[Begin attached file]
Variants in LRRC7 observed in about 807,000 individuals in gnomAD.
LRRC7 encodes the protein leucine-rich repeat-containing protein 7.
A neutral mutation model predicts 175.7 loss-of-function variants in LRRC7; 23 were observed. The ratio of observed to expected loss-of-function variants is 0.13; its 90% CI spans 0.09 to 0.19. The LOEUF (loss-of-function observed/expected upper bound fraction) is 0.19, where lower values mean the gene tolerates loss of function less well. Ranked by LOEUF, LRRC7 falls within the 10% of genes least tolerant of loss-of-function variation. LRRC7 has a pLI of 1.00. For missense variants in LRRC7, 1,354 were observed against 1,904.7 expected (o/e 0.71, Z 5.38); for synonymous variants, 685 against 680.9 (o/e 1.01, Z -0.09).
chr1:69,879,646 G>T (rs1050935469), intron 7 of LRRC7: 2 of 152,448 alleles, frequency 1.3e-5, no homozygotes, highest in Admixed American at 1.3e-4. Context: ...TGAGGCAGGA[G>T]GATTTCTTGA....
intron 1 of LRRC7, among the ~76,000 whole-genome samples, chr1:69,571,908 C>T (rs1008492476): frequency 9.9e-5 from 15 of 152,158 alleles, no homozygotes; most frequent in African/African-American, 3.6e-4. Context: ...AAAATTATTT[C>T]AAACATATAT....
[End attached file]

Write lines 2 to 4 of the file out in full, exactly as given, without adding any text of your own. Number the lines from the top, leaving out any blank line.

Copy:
LRRC7 encodes the protein leucine-rich repeat-containing protein 7.
A neutral mutation model predicts 175.7 loss-of-function variants in LRRC7; 23 were observed. The ratio of observed to expected loss-of-function variants is 0.13; its 90% CI spans 0.09 to 0.19. The LOEUF (loss-of-function observed/expected upper bound fraction) is 0.19, where lower values mean the gene tolerates loss of function less well. Ranked by LOEUF, LRRC7 falls within the 10% of genes least tolerant of loss-of-function variation. LRRC7 has a pLI of 1.00. For missense variants in LRRC7, 1,354 were observed against 1,904.7 expected (o/e 0.71, Z 5.38); for synonymous variants, 685 against 680.9 (o/e 1.01, Z -0.09).
chr1:69,879,646 G>T (rs1050935469), intron 7 of LRRC7: 2 of 152,448 alleles, frequency 1.3e-5, no homozygotes, highest in Admixed American at 1.3e-4. Context: ...TGAGGCAGGA[G>T]GATTTCTTGA....